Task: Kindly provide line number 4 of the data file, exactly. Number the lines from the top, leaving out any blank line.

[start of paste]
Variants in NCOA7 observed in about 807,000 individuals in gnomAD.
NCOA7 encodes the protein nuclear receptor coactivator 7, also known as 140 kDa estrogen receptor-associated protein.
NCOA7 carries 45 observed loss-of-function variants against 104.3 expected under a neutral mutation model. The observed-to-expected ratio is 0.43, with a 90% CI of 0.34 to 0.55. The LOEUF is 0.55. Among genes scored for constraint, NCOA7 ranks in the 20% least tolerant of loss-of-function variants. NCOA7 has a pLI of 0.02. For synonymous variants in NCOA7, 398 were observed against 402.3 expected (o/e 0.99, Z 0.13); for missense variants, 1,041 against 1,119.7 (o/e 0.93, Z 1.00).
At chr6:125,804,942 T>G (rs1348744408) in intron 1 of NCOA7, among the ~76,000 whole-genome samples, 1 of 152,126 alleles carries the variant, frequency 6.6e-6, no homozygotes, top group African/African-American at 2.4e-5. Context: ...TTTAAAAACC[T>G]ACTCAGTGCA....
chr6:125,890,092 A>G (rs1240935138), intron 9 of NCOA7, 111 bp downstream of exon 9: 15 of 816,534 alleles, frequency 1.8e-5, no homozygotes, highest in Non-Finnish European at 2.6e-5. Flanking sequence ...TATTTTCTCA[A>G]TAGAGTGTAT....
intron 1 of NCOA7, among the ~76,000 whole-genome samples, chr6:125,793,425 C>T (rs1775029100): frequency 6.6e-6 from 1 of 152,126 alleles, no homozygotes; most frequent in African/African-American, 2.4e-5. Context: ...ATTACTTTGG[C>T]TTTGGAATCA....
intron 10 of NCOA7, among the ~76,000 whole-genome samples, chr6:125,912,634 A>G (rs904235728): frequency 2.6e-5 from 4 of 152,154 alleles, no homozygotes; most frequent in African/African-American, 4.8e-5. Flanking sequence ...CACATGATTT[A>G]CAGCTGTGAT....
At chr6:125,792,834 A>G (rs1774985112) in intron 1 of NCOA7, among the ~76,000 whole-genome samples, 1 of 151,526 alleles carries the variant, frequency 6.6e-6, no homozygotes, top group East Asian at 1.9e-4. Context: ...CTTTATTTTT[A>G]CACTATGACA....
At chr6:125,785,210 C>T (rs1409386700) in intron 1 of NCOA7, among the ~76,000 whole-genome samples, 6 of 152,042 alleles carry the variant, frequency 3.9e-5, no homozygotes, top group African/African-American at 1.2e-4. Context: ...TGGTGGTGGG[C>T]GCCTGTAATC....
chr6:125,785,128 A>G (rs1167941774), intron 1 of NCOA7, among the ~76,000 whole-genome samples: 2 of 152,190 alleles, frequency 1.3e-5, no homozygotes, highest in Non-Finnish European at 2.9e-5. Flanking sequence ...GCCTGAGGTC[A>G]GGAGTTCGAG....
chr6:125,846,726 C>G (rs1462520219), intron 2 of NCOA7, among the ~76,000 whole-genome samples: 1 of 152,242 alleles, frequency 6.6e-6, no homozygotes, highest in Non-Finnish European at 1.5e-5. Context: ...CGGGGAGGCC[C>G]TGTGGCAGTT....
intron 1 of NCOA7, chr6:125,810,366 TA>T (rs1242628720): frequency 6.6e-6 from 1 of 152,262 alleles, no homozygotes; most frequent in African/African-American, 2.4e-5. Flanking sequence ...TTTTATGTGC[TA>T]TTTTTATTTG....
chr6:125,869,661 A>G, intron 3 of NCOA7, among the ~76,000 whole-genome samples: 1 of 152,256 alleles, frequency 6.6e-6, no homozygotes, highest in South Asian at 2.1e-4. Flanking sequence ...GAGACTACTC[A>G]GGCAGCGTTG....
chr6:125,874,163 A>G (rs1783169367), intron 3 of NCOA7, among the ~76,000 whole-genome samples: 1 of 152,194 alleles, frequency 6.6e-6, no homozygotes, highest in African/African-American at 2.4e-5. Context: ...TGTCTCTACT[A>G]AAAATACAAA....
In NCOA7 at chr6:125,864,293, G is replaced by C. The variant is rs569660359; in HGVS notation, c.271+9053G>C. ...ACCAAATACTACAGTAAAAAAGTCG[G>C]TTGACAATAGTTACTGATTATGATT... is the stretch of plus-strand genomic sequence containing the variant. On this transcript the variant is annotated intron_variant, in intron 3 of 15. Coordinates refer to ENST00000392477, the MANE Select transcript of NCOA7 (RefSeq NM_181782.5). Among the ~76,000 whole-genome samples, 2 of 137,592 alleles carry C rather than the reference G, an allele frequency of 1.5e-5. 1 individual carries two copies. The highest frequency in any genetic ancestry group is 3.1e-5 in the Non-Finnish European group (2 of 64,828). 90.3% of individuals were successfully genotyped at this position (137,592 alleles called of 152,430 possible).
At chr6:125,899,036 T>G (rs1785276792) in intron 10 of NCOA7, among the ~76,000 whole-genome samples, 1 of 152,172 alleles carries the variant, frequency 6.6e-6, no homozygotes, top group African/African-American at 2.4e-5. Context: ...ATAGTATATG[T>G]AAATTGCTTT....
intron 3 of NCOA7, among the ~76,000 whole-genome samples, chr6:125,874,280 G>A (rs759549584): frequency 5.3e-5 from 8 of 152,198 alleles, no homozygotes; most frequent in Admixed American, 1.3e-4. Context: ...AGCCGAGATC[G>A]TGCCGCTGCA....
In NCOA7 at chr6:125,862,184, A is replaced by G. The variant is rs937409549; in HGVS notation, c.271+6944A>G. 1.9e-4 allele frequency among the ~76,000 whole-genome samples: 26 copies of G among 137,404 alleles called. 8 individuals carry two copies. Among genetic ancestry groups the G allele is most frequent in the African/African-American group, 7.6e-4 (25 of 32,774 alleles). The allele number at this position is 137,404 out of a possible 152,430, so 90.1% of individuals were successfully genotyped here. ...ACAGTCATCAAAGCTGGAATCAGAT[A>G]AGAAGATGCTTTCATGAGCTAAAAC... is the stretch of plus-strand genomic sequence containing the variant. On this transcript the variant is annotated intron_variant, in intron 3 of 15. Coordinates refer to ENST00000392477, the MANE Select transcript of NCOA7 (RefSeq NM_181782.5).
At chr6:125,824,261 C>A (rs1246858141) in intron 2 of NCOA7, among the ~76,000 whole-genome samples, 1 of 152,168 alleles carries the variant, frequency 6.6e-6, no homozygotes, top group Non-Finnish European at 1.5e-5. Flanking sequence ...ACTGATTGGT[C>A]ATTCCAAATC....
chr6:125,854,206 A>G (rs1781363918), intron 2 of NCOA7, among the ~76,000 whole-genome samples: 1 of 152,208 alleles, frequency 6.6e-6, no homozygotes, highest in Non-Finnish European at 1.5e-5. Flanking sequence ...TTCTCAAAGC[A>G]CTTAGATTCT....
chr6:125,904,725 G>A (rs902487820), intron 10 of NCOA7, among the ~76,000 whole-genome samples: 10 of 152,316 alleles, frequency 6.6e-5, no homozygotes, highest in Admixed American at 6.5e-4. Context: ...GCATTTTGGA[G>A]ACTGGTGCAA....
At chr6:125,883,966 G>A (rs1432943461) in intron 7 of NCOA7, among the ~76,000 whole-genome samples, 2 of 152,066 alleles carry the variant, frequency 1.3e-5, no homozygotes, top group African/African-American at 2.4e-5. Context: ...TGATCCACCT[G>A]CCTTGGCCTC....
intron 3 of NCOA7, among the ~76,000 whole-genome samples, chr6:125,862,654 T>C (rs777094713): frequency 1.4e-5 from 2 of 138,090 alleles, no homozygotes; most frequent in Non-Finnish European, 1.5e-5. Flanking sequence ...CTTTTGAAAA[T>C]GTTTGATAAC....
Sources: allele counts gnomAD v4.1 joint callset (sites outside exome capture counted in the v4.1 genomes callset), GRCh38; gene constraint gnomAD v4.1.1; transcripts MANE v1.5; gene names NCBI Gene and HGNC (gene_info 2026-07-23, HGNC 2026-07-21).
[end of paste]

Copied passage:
At chr6:125,804,942 T>G (rs1348744408) in intron 1 of NCOA7, among the ~76,000 whole-genome samples, 1 of 152,126 alleles carries the variant, frequency 6.6e-6, no homozygotes, top group African/African-American at 2.4e-5. Context: ...TTTAAAAACC[T>G]ACTCAGTGCA....